Favale builds her case by contrasting the Babylonian and Hebrew creation stories.  In Genesis, God creates the cosmos ex nihilo.  “The God of Genesis has no parents; he does not come into being.  This absence of an origin testifies to his eternal presence.  He is not a being, like Marduk, but Being itself, the infinite ground of all finite existence” (p. 30).  God brought into being an orderly world, a good world, that includes human beings, male and female, who shared “a unique dignity, marked by the image of their Creator, and entrusted with the sacred work of cultivating life.  Sexual difference is not an extraneous or faulty feature of the cosmos but an essential part of its goodness” (p. 31).  Importantly:  “Genesis affirms a balance of sameness and difference between the sexes.  This is a delicate balance that is difficult, but necessary, to maintain.  Most theories of gender lose this balance, veering into extremes of uniformity (men and women are interchangeable) or polarity (men are from Mars, women are from Venus).  Both extremes lose the fruitful tension expressed here in Genesis” (p. 33).  What God created man describes, using the miracle of language.  With Adam we can see things as they are—their essence—-name them.  Language does not construct reality—it describes it.  God created by saying “let it be” and man sees and names what it is.  Contrary to a pivotal tenet of feminism, we do not construct reality—we should see and revere it.   

       Favale believes “that the constructionist view of language is a complete inversion of the correspondence view depicted in Genesis” (p. 37).  The Bible declares that we’re created beings, designed to behold and revere what God has made, to study and understand it as best we can, and to live in accord with its design.  The Christian tradition teaches us to “see the world as a created cosmos of which we are a part, this transfigures everything: embodiment, sex, suffering, freedom, desire—this is gathered up into an all-embracing mystery, an ongoing interplay between the human and divine. This imbues all-that-is with renewed significance” (p. 198).  There is a deeply teleological aspect to Christian thought enabling it to discern purpose and meaning in creation, for the “‘whatness’ of a thing, its essential identity, is connected to its purpose” (p. 198).  Drinking deeply from the well of Scripture and saintly writers, Favale rejoices to find how she fits into the cosmos an can walk humbly with her Lord.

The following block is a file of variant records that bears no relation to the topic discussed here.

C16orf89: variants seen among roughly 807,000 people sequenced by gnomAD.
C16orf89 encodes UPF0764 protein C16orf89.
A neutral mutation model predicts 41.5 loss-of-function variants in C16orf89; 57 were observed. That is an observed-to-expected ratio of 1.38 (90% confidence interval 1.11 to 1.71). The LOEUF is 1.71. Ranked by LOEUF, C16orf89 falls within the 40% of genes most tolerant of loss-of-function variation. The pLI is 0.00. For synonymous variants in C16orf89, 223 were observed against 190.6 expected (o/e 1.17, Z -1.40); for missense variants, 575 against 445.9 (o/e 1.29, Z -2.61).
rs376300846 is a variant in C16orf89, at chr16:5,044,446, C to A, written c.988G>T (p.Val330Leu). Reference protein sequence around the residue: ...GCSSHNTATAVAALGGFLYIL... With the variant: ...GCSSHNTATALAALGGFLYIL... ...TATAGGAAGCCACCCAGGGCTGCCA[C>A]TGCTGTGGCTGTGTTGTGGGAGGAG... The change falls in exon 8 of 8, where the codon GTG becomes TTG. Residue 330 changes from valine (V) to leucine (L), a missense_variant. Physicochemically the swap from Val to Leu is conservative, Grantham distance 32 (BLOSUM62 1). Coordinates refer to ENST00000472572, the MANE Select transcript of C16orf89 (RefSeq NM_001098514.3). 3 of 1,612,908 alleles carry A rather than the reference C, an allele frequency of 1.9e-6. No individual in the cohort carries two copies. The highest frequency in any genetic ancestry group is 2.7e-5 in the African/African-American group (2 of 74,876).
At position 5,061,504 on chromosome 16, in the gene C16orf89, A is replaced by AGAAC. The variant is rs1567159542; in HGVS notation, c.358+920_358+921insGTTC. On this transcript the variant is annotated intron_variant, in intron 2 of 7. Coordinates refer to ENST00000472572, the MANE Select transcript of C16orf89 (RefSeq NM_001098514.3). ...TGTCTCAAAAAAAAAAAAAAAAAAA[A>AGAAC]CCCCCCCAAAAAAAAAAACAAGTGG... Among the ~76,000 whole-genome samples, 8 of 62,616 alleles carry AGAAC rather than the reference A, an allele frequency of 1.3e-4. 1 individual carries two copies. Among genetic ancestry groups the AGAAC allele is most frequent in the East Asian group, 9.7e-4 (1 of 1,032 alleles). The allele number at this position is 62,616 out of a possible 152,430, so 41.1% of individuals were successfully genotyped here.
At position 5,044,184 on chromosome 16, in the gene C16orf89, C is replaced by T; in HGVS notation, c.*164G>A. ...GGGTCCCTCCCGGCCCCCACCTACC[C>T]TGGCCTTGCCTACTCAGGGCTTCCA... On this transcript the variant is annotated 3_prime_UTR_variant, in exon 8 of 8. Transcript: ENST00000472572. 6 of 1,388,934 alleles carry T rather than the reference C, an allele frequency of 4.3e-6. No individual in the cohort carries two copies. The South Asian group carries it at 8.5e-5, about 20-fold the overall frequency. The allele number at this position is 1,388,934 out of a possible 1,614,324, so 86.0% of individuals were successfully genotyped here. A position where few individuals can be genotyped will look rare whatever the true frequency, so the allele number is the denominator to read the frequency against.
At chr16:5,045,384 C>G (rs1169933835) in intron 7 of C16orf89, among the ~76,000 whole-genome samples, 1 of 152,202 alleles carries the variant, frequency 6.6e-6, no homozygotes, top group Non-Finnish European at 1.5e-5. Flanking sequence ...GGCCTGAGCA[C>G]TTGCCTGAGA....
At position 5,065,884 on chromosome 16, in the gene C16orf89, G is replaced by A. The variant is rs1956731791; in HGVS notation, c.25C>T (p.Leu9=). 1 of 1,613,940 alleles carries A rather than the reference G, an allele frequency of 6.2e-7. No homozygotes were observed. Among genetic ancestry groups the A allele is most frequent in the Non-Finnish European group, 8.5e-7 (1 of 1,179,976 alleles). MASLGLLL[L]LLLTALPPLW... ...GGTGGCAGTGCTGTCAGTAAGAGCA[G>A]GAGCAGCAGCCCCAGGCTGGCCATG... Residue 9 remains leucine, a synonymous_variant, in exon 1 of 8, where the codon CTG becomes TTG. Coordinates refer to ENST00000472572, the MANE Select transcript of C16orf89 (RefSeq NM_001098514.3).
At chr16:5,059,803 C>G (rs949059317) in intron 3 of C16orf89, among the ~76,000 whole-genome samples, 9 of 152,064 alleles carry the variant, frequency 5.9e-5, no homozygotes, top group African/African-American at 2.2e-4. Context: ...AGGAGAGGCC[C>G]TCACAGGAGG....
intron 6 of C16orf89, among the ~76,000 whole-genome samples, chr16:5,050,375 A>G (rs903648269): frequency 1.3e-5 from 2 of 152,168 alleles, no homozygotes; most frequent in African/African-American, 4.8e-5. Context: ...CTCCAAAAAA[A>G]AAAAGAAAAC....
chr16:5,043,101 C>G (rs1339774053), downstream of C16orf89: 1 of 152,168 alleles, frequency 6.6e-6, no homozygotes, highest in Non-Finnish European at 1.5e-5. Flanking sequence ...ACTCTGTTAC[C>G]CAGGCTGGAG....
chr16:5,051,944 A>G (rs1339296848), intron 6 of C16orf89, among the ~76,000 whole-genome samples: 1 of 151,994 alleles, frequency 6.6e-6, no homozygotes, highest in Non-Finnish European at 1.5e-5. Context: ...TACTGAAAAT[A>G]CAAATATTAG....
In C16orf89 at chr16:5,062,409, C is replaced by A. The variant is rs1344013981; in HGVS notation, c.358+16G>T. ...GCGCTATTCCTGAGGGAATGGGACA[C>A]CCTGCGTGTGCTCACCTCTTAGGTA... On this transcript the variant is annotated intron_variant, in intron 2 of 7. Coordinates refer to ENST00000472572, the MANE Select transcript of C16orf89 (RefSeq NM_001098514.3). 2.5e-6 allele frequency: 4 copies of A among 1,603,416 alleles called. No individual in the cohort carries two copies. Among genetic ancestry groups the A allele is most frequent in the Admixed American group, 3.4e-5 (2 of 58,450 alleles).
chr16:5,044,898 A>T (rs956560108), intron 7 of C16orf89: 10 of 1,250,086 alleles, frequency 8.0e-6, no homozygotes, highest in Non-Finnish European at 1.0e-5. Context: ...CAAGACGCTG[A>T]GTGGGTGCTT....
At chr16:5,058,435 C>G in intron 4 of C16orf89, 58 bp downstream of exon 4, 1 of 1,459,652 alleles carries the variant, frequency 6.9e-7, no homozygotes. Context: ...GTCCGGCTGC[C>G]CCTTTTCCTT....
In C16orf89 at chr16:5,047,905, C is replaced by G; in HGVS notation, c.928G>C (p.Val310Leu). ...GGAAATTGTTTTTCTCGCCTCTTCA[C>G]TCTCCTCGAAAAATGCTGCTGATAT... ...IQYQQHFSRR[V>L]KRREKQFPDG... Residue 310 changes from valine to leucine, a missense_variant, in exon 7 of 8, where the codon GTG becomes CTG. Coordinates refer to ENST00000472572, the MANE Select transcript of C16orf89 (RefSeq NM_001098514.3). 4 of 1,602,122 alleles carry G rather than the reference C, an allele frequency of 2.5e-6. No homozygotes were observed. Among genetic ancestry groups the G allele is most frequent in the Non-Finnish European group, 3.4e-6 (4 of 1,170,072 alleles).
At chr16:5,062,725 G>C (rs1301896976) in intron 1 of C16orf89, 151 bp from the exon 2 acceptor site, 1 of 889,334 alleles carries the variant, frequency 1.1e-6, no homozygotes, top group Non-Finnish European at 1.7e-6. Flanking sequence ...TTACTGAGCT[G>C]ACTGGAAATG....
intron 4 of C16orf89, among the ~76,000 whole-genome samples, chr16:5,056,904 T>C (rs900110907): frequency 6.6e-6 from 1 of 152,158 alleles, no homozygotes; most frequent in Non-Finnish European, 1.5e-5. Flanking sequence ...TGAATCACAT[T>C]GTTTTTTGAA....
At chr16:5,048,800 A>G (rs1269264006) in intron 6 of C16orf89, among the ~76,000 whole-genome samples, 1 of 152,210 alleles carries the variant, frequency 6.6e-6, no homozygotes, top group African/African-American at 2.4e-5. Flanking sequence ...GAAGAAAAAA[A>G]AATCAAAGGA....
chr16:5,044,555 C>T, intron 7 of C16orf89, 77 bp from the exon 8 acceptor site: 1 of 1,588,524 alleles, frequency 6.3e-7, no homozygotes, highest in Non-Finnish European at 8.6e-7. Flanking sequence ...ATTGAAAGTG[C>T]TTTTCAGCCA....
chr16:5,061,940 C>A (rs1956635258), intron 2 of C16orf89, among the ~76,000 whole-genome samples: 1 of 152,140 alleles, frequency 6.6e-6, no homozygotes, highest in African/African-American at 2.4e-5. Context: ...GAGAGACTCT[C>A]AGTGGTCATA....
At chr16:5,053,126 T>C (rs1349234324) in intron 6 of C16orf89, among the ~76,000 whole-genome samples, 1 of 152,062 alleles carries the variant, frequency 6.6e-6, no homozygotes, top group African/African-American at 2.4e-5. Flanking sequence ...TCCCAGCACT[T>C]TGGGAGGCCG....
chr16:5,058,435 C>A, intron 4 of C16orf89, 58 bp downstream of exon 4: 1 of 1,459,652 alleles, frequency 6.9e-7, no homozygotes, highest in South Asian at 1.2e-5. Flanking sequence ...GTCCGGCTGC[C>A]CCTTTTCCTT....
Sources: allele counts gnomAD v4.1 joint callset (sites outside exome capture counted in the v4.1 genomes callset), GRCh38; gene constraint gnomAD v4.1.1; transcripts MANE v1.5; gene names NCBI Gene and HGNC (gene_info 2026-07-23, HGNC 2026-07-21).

This means accepting one’s body as a gift from God, something wondrous to be revered, not to be ignored or transformed.  Designed in His image, we ought to nurture and develop our body’s potential.  Openness to God, following the Virgin Mary in accepting His will, is our ultimate good and purpose.  “Our bodies are continual reminders to us that we are not autonomous, that the fantasy of self-creation is no more than a fever dream, a symptom of underlying illness” (p. 203).  Rejecting Genesis, post-modern thinkers declare that “we are not bodies animated by interior souls, but bodies shaped by external forces.”  Changing the language from sex to “gender,” sexual differences are seen as cultural stereotypes rather than naturally embedded realities.  Endless varieties of “gender” are now celebrated, none of them fixed by anything other than one’s inner feelings.  Consequently:  “In our postmodern moment, discussions about gender tend to revolve around appearance and roles.  To be a woman is to fulfill a particular social role, or to mimic typical feminine behavior and attire.  Feminism and its progeny, gender theory, centers the conversation on doing rather than being” (p. 206).

       But being truly matters.  Being open and yielded to God, choosing to say Yes to Him enables us to find what we long for.  “We can choose to receive all these things as gift.  We can choose to say yes to a Love that is stronger than death.  We can enter, even now, the eternal moment of Annunciation, when the yes of one woman becomes the fulcrum of redemption” (p. 211).  Be it done to me according to Your will!